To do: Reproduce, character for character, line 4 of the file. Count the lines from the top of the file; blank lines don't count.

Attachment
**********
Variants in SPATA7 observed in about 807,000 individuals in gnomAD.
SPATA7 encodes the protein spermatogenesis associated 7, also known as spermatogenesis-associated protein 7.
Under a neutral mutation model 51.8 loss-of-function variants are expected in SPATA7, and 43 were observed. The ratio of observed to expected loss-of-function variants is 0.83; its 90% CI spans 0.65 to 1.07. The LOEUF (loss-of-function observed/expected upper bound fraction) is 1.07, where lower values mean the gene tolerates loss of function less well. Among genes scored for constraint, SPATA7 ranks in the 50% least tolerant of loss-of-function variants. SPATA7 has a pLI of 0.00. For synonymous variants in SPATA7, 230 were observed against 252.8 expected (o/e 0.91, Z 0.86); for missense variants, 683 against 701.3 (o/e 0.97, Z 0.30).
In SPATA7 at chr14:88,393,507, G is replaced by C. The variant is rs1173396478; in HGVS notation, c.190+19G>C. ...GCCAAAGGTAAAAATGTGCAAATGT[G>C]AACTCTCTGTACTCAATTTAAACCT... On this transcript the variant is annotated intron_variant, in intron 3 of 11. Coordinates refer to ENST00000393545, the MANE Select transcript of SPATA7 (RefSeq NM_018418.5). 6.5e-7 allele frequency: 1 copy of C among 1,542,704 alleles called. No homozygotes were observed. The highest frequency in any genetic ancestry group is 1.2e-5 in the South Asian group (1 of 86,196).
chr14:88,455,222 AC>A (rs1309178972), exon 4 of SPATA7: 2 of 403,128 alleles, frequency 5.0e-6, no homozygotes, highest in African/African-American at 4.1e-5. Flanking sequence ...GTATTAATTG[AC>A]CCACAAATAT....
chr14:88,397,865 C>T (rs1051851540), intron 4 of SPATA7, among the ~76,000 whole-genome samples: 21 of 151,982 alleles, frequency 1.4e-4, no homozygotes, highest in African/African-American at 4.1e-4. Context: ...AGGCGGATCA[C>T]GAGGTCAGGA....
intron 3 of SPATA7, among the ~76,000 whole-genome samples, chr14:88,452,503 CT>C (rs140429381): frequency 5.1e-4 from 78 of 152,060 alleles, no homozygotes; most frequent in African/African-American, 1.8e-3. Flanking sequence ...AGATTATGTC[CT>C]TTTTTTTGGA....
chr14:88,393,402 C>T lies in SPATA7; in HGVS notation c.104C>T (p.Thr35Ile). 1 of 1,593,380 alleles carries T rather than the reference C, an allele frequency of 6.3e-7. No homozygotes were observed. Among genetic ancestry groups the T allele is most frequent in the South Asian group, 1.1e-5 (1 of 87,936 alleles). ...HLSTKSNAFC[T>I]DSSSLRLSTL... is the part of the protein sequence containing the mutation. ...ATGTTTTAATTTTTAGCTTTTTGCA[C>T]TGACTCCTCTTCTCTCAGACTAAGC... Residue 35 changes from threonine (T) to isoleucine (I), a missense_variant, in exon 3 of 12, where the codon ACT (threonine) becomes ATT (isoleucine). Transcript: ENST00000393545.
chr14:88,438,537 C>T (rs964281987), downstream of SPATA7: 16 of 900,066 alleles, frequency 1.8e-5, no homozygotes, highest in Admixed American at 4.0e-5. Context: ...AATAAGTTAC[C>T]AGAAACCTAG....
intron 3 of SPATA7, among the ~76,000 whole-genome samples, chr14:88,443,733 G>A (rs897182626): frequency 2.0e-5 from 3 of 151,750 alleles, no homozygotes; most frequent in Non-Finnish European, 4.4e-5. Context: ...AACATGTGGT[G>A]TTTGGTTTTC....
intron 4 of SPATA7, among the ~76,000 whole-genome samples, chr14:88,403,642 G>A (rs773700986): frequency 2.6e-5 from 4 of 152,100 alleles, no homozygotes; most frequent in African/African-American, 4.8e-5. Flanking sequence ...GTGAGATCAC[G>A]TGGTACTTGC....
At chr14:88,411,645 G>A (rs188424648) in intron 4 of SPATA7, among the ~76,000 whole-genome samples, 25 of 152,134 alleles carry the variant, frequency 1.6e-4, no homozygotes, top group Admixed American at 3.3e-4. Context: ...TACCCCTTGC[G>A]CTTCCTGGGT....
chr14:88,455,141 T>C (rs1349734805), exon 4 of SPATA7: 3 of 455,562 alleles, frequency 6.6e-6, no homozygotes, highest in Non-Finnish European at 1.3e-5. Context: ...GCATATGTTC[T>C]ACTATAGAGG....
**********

In SPATA7 at chr14:88,393,507, G is replaced by C. The variant is rs1173396478; in HGVS notation, c.190+19G>C. ...GCCAAAGGTAAAAATGTGCAAATGT[G>C]AACTCTCTGTACTCAATTTAAACCT... On this transcript the variant is annotated intron_variant, in intron 3 of 11. Coordinates refer to ENST00000393545, the MANE Select transcript of SPATA7 (RefSeq NM_018418.5). 6.5e-7 allele frequency: 1 copy of C among 1,542,704 alleles called. No homozygotes were observed. The highest frequency in any genetic ancestry group is 1.2e-5 in the South Asian group (1 of 86,196).